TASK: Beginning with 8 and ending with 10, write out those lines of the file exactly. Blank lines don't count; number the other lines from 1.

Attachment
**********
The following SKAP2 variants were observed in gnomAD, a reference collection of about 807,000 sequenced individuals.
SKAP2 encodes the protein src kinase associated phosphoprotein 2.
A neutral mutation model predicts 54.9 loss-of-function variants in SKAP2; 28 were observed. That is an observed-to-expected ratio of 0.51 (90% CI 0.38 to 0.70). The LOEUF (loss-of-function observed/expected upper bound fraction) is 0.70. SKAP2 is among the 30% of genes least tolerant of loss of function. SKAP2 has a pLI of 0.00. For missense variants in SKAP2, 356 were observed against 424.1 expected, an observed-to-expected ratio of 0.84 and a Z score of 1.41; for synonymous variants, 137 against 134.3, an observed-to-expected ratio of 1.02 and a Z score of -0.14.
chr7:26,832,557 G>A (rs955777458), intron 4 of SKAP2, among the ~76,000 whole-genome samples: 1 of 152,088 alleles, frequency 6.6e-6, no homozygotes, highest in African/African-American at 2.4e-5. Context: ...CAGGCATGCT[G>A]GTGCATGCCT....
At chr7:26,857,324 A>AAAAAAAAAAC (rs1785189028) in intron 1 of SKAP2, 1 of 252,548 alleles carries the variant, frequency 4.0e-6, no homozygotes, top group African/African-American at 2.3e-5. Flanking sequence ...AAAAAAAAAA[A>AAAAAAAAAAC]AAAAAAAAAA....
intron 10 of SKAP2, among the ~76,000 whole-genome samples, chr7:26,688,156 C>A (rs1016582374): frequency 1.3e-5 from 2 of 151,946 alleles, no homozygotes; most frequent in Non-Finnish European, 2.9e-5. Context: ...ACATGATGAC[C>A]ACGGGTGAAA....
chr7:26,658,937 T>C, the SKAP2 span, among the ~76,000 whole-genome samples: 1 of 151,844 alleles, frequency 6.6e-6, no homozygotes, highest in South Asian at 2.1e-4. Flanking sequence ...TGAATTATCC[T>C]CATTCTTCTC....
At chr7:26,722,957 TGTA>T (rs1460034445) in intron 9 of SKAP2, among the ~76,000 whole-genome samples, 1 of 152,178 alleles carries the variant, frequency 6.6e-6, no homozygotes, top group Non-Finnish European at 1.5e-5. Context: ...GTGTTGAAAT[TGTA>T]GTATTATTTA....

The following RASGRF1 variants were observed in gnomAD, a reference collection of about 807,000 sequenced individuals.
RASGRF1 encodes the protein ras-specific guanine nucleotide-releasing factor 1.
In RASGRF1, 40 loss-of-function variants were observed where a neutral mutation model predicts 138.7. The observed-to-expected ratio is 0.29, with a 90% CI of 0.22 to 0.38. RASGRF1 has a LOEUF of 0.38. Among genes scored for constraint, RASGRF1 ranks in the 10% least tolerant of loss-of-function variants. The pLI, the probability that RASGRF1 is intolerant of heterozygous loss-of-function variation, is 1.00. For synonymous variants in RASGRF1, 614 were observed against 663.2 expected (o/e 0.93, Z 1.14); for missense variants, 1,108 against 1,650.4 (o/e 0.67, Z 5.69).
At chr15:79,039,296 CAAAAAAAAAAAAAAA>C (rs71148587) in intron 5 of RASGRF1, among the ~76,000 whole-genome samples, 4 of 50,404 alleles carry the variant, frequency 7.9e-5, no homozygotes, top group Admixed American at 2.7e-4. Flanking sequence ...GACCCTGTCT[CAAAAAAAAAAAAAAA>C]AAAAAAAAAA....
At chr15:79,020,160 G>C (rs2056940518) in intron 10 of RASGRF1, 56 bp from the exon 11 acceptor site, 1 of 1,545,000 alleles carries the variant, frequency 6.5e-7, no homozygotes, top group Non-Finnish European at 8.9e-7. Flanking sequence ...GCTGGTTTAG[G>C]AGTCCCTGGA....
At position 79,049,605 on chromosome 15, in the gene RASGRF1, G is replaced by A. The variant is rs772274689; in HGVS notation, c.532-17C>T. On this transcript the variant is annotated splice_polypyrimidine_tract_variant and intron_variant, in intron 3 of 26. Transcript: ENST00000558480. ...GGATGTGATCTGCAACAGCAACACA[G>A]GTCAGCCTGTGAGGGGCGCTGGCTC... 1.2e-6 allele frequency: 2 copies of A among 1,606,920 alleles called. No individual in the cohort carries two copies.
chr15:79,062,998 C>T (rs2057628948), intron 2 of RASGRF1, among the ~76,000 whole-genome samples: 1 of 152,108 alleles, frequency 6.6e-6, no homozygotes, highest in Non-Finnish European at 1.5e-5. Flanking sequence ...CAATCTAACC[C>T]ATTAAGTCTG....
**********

At chr7:26,722,957 TGTA>T (rs1460034445) in intron 9 of SKAP2, among the ~76,000 whole-genome samples, 1 of 152,178 alleles carries the variant, frequency 6.6e-6, no homozygotes, top group Non-Finnish European at 1.5e-5. Context: ...GTGTTGAAAT[TGTA>T]GTATTATTTA....

The following RASGRF1 variants were observed in gnomAD, a reference collection of about 807,000 sequenced individuals.
RASGRF1 encodes the protein ras-specific guanine nucleotide-releasing factor 1.